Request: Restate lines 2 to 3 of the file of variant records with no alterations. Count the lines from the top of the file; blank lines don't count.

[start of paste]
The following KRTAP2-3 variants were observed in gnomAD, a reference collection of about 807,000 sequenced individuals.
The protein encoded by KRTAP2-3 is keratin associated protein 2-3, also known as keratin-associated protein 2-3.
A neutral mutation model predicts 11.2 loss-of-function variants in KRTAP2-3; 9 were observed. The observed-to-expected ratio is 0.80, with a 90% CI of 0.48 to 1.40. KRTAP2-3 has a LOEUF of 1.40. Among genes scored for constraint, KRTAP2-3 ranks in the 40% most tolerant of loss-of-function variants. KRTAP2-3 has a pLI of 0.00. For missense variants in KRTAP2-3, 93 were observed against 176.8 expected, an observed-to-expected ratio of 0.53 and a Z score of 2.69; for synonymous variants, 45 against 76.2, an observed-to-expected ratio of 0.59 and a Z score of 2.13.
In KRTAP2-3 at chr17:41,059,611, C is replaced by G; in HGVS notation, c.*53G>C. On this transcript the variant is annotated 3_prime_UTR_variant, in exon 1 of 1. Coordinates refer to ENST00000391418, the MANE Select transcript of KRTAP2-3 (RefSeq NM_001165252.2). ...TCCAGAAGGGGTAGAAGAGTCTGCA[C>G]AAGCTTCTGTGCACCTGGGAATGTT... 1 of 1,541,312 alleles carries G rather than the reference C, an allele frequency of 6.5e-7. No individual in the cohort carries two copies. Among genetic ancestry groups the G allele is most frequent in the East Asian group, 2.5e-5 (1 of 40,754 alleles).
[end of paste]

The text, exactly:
The protein encoded by KRTAP2-3 is keratin associated protein 2-3, also known as keratin-associated protein 2-3.
A neutral mutation model predicts 11.2 loss-of-function variants in KRTAP2-3; 9 were observed. The observed-to-expected ratio is 0.80, with a 90% CI of 0.48 to 1.40. KRTAP2-3 has a LOEUF of 1.40. Among genes scored for constraint, KRTAP2-3 ranks in the 40% most tolerant of loss-of-function variants. KRTAP2-3 has a pLI of 0.00. For missense variants in KRTAP2-3, 93 were observed against 176.8 expected, an observed-to-expected ratio of 0.53 and a Z score of 2.69; for synonymous variants, 45 against 76.2, an observed-to-expected ratio of 0.59 and a Z score of 2.13.